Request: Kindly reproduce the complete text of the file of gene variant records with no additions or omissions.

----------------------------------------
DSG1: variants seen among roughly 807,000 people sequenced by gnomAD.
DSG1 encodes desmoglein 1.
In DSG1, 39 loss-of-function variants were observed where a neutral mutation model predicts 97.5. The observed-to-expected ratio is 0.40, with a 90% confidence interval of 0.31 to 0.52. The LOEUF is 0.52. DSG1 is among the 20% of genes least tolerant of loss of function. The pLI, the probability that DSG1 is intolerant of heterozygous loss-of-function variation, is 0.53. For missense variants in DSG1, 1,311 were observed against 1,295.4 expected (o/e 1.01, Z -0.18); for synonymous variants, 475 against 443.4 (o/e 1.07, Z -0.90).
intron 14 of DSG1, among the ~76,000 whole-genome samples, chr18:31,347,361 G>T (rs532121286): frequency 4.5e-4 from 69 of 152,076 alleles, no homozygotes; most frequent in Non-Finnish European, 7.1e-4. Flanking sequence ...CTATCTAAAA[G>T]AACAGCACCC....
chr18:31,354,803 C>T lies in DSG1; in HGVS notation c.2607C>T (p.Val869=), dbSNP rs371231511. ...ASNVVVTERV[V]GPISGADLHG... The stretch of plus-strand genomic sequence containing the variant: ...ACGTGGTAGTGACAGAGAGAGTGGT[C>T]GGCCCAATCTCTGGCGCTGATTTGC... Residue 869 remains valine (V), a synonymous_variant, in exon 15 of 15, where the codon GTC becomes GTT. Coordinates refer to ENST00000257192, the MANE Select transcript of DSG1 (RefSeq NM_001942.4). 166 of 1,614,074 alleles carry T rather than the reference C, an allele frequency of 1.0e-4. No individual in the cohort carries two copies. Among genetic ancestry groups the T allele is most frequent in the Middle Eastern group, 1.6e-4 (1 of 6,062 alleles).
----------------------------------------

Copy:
DSG1: variants seen among roughly 807,000 people sequenced by gnomAD.
DSG1 encodes desmoglein 1.
In DSG1, 39 loss-of-function variants were observed where a neutral mutation model predicts 97.5. The observed-to-expected ratio is 0.40, with a 90% confidence interval of 0.31 to 0.52. The LOEUF is 0.52. DSG1 is among the 20% of genes least tolerant of loss of function. The pLI, the probability that DSG1 is intolerant of heterozygous loss-of-function variation, is 0.53. For missense variants in DSG1, 1,311 were observed against 1,295.4 expected (o/e 1.01, Z -0.18); for synonymous variants, 475 against 443.4 (o/e 1.07, Z -0.90).
intron 14 of DSG1, among the ~76,000 whole-genome samples, chr18:31,347,361 G>T (rs532121286): frequency 4.5e-4 from 69 of 152,076 alleles, no homozygotes; most frequent in Non-Finnish European, 7.1e-4. Flanking sequence ...CTATCTAAAA[G>T]AACAGCACCC....
chr18:31,354,803 C>T lies in DSG1; in HGVS notation c.2607C>T (p.Val869=), dbSNP rs371231511. ...ASNVVVTERV[V]GPISGADLHG... The stretch of plus-strand genomic sequence containing the variant: ...ACGTGGTAGTGACAGAGAGAGTGGT[C>T]GGCCCAATCTCTGGCGCTGATTTGC... Residue 869 remains valine (V), a synonymous_variant, in exon 15 of 15, where the codon GTC becomes GTT. Coordinates refer to ENST00000257192, the MANE Select transcript of DSG1 (RefSeq NM_001942.4). 166 of 1,614,074 alleles carry T rather than the reference C, an allele frequency of 1.0e-4. No individual in the cohort carries two copies. Among genetic ancestry groups the T allele is most frequent in the Middle Eastern group, 1.6e-4 (1 of 6,062 alleles).